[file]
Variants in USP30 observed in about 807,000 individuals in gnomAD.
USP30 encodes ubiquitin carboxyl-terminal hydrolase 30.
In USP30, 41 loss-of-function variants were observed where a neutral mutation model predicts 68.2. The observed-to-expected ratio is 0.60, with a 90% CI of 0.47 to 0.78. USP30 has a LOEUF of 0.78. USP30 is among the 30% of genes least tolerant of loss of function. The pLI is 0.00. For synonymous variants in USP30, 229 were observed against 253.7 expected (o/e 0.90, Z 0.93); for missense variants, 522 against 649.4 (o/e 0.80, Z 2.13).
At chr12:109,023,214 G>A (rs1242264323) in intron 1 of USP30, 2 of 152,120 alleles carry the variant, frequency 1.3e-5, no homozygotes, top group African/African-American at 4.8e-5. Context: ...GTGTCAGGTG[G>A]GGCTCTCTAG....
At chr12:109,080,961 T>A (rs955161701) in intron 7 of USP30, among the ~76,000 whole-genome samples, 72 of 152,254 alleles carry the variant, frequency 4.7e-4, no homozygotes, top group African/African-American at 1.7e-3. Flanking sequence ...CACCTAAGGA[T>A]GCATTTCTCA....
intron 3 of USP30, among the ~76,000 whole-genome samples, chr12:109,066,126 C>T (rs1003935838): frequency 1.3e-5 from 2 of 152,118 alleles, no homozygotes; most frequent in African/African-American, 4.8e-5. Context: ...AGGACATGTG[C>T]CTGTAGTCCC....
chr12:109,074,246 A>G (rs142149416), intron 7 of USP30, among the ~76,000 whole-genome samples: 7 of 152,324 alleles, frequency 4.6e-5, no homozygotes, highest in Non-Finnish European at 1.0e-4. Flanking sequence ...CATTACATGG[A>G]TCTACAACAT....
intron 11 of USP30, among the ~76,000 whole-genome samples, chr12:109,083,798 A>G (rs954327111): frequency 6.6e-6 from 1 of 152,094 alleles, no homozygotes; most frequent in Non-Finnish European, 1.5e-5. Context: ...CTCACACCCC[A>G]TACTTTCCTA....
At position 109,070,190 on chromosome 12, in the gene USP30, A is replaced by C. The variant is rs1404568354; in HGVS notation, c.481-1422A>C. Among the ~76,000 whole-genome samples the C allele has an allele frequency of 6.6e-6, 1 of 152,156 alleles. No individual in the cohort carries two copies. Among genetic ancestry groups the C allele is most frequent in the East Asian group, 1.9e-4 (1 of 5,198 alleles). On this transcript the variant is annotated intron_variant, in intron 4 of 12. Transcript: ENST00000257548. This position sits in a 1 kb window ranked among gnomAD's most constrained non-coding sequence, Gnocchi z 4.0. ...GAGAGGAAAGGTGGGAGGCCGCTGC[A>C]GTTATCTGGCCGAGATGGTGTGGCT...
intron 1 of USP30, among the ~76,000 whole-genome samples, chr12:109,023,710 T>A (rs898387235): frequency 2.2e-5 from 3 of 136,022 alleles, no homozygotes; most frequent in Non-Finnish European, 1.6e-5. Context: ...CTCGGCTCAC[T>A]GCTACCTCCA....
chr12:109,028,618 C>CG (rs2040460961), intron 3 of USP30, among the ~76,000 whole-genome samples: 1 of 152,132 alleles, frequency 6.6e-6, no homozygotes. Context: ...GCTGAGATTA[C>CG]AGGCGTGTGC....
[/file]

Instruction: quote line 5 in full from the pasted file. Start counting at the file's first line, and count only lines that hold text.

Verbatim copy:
At chr12:109,080,961 T>A (rs955161701) in intron 7 of USP30, among the ~76,000 whole-genome samples, 72 of 152,254 alleles carry the variant, frequency 4.7e-4, no homozygotes, top group African/African-American at 1.7e-3. Flanking sequence ...CACCTAAGGA[T>A]GCATTTCTCA....